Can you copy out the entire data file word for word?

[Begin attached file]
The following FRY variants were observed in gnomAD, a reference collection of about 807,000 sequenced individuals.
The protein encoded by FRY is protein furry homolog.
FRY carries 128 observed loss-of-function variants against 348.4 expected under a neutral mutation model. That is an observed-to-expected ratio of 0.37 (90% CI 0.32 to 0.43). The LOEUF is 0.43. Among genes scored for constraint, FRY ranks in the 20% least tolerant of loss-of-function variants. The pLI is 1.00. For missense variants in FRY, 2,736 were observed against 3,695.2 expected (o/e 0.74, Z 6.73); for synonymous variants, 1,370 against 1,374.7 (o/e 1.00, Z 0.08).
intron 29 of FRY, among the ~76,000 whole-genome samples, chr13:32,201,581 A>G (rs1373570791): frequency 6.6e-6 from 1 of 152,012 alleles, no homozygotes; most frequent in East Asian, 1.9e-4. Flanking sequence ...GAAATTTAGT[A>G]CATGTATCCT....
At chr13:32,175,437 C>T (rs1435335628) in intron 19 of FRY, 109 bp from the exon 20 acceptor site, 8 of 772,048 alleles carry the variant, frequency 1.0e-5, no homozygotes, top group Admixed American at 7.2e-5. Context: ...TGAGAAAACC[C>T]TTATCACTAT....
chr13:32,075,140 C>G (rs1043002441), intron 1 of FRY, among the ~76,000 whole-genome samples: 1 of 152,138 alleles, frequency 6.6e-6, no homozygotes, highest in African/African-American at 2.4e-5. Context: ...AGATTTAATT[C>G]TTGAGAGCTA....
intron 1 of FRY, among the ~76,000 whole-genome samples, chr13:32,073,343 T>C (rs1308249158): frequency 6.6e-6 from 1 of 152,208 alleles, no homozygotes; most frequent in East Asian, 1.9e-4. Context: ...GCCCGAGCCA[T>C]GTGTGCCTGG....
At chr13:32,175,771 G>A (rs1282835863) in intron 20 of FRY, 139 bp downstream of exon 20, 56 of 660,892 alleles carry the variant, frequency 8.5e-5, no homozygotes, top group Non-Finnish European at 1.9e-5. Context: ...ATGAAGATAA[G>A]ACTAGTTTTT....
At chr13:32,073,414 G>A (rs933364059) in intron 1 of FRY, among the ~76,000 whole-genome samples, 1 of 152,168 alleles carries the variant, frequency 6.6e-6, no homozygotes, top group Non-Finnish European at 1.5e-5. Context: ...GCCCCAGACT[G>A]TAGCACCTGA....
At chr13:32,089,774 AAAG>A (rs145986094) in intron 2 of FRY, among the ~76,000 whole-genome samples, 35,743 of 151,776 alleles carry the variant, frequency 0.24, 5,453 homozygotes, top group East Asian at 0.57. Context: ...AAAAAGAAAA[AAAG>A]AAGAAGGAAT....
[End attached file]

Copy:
The following FRY variants were observed in gnomAD, a reference collection of about 807,000 sequenced individuals.
The protein encoded by FRY is protein furry homolog.
FRY carries 128 observed loss-of-function variants against 348.4 expected under a neutral mutation model. That is an observed-to-expected ratio of 0.37 (90% CI 0.32 to 0.43). The LOEUF is 0.43. Among genes scored for constraint, FRY ranks in the 20% least tolerant of loss-of-function variants. The pLI is 1.00. For missense variants in FRY, 2,736 were observed against 3,695.2 expected (o/e 0.74, Z 6.73); for synonymous variants, 1,370 against 1,374.7 (o/e 1.00, Z 0.08).
intron 29 of FRY, among the ~76,000 whole-genome samples, chr13:32,201,581 A>G (rs1373570791): frequency 6.6e-6 from 1 of 152,012 alleles, no homozygotes; most frequent in East Asian, 1.9e-4. Flanking sequence ...GAAATTTAGT[A>G]CATGTATCCT....
At chr13:32,175,437 C>T (rs1435335628) in intron 19 of FRY, 109 bp from the exon 20 acceptor site, 8 of 772,048 alleles carry the variant, frequency 1.0e-5, no homozygotes, top group Admixed American at 7.2e-5. Context: ...TGAGAAAACC[C>T]TTATCACTAT....
chr13:32,075,140 C>G (rs1043002441), intron 1 of FRY, among the ~76,000 whole-genome samples: 1 of 152,138 alleles, frequency 6.6e-6, no homozygotes, highest in African/African-American at 2.4e-5. Context: ...AGATTTAATT[C>G]TTGAGAGCTA....
intron 1 of FRY, among the ~76,000 whole-genome samples, chr13:32,073,343 T>C (rs1308249158): frequency 6.6e-6 from 1 of 152,208 alleles, no homozygotes; most frequent in East Asian, 1.9e-4. Context: ...GCCCGAGCCA[T>C]GTGTGCCTGG....
At chr13:32,175,771 G>A (rs1282835863) in intron 20 of FRY, 139 bp downstream of exon 20, 56 of 660,892 alleles carry the variant, frequency 8.5e-5, no homozygotes, top group Non-Finnish European at 1.9e-5. Context: ...ATGAAGATAA[G>A]ACTAGTTTTT....
At chr13:32,073,414 G>A (rs933364059) in intron 1 of FRY, among the ~76,000 whole-genome samples, 1 of 152,168 alleles carries the variant, frequency 6.6e-6, no homozygotes, top group Non-Finnish European at 1.5e-5. Context: ...GCCCCAGACT[G>A]TAGCACCTGA....
At chr13:32,089,774 AAAG>A (rs145986094) in intron 2 of FRY, among the ~76,000 whole-genome samples, 35,743 of 151,776 alleles carry the variant, frequency 0.24, 5,453 homozygotes, top group East Asian at 0.57. Context: ...AAAAAGAAAA[AAAG>A]AAGAAGGAAT....